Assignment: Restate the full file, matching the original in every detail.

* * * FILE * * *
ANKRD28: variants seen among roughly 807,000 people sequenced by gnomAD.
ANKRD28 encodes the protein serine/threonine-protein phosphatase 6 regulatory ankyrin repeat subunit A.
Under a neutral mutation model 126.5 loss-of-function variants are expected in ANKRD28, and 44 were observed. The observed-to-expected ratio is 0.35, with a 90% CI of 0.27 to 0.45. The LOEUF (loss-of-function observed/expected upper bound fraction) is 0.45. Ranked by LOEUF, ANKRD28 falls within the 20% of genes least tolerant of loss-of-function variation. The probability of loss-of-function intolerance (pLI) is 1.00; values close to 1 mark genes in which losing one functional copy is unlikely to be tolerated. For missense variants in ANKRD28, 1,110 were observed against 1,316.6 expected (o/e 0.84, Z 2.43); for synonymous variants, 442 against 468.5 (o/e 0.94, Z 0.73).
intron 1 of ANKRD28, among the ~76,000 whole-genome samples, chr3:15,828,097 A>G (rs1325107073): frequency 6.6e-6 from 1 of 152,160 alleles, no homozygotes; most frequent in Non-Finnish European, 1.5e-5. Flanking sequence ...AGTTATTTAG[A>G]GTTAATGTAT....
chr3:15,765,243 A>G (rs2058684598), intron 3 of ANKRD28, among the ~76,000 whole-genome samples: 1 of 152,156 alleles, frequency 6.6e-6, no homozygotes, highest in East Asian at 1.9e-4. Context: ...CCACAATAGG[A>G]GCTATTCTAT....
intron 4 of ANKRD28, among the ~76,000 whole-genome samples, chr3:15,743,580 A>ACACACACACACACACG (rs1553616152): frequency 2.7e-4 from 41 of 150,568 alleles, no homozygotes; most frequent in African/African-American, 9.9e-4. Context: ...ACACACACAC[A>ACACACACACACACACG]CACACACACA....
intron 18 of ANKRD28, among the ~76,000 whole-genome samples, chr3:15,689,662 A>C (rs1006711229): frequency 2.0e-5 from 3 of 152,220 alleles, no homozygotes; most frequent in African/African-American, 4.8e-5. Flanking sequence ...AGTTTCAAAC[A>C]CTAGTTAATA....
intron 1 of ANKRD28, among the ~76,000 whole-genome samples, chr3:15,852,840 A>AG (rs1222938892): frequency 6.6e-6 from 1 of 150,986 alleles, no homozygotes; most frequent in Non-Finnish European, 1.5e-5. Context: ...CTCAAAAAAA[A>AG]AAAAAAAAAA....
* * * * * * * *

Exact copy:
ANKRD28: variants seen among roughly 807,000 people sequenced by gnomAD.
ANKRD28 encodes the protein serine/threonine-protein phosphatase 6 regulatory ankyrin repeat subunit A.
Under a neutral mutation model 126.5 loss-of-function variants are expected in ANKRD28, and 44 were observed. The observed-to-expected ratio is 0.35, with a 90% CI of 0.27 to 0.45. The LOEUF (loss-of-function observed/expected upper bound fraction) is 0.45. Ranked by LOEUF, ANKRD28 falls within the 20% of genes least tolerant of loss-of-function variation. The probability of loss-of-function intolerance (pLI) is 1.00; values close to 1 mark genes in which losing one functional copy is unlikely to be tolerated. For missense variants in ANKRD28, 1,110 were observed against 1,316.6 expected (o/e 0.84, Z 2.43); for synonymous variants, 442 against 468.5 (o/e 0.94, Z 0.73).
intron 1 of ANKRD28, among the ~76,000 whole-genome samples, chr3:15,828,097 A>G (rs1325107073): frequency 6.6e-6 from 1 of 152,160 alleles, no homozygotes; most frequent in Non-Finnish European, 1.5e-5. Flanking sequence ...AGTTATTTAG[A>G]GTTAATGTAT....
chr3:15,765,243 A>G (rs2058684598), intron 3 of ANKRD28, among the ~76,000 whole-genome samples: 1 of 152,156 alleles, frequency 6.6e-6, no homozygotes, highest in East Asian at 1.9e-4. Context: ...CCACAATAGG[A>G]GCTATTCTAT....
intron 4 of ANKRD28, among the ~76,000 whole-genome samples, chr3:15,743,580 A>ACACACACACACACACG (rs1553616152): frequency 2.7e-4 from 41 of 150,568 alleles, no homozygotes; most frequent in African/African-American, 9.9e-4. Context: ...ACACACACAC[A>ACACACACACACACACG]CACACACACA....
intron 18 of ANKRD28, among the ~76,000 whole-genome samples, chr3:15,689,662 A>C (rs1006711229): frequency 2.0e-5 from 3 of 152,220 alleles, no homozygotes; most frequent in African/African-American, 4.8e-5. Flanking sequence ...AGTTTCAAAC[A>C]CTAGTTAATA....
intron 1 of ANKRD28, among the ~76,000 whole-genome samples, chr3:15,852,840 A>AG (rs1222938892): frequency 6.6e-6 from 1 of 150,986 alleles, no homozygotes; most frequent in Non-Finnish European, 1.5e-5. Context: ...CTCAAAAAAA[A>AG]AAAAAAAAAA....